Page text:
Eagle Eye: How Jim Schwartz Tricked The Vikings

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After looking at the offense's performance against the Minnesota Vikings, it’s now time to study a stout defensive outing against a tough unit to keep out of the end zone. The Eagles gave up a touchdown on the opening drive and, after that, kept the Vikings from scoring.

To me, the defensive performance all started up front with another nearly dominant outing from the defensive line. Fletcher Cox was phenomenal once again, making plays in the run game and generating pressure on Case Keenum all game long. Tim Jernigan owned the line of scrimmage. Brandon Graham was his usual relentless self. Vinny Curry was active against the run and the pass. Derek Barnett had, arguably, the biggest play of the entire game. Chris Long was outstanding all night long. Here are some of my highlights from the group, starting with No. 91 on the inside.

Note that there is audio commentary for each of the video clips.

Shot 1 - Fletcher Cox has been on fire in the postseason. He's been incredibly disruptive through two games. Here's a handful of examples from last Sunday vs the #Vikings #FlyEaglesFly pic.twitter.com/nAwMW7lGRL — Fran Duffy (@fduffy3) January 25, 2018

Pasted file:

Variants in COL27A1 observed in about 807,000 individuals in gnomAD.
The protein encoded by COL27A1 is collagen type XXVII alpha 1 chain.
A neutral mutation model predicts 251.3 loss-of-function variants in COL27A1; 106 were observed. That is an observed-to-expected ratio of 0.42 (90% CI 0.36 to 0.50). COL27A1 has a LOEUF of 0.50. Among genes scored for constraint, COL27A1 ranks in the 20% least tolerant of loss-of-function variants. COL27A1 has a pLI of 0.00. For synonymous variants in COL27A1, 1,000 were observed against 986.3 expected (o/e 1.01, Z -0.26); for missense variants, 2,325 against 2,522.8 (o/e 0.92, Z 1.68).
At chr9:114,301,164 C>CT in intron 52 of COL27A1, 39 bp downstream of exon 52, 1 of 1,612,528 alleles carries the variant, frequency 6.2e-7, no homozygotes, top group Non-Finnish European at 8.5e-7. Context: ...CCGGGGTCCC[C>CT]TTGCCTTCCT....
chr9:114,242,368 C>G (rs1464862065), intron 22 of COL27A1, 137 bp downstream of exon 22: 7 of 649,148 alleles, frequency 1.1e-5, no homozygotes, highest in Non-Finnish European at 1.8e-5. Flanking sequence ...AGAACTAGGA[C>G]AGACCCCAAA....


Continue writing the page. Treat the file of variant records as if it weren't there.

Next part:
Shot 2 - As Bill Belichick said earlier this week, it's not the Front 4 with the #Eagles, it's the Front 8 or 9. Depth has been a huge reason for the success up front, and several backups and rotational players stood out vs #Vikings. Jim Schwartz blitzed less as the game went on pic.twitter.com/MWWNxIt4yS — Fran Duffy (@fduffy3) January 25, 2018

Shot 3 - Ya'll already know this, but Tim Jernigan is a baaaaaaaaaaaaad man #FlyEaglesFly pic.twitter.com/YDy8orqVHH — Fran Duffy (@fduffy3) January 25, 2018

Shot 4 - Derek Barnett made the play of his career on Sunday, arguably the most pivotal play of the game that swung the momentum in the #Eagles favor for good, and it all started with the alignment of Fletcher Cox and Brandon Graham. #FlyEaglesFly pic.twitter.com/yB0cULjlFi — Fran Duffy (@fduffy3) January 25, 2018

Barnett’s sack and forced fumble was perhaps the pivotal point of the game, but the momentum absolutely flipped for the Eagles with Patrick Robinson’s interception return for a touchdown. The Eagles were beaten in off coverage a few times early in the game, and I believe Keenum thinks he has off-man coverage on this play. Jim Schwartz throws him a curve ball, however.

Shot 5 - The pick six for Patrick Robinson tied the game at 7 in the first quarter. The #Eagles played in Quarter-Quarter-Half coverage, not a common scheme for this unit, and Chris Long wins 1-on-1 to help force the errant throw #FlyEaglesFly pic.twitter.com/WhBiCOYCaD — Fran Duffy (@fduffy3) January 25, 2018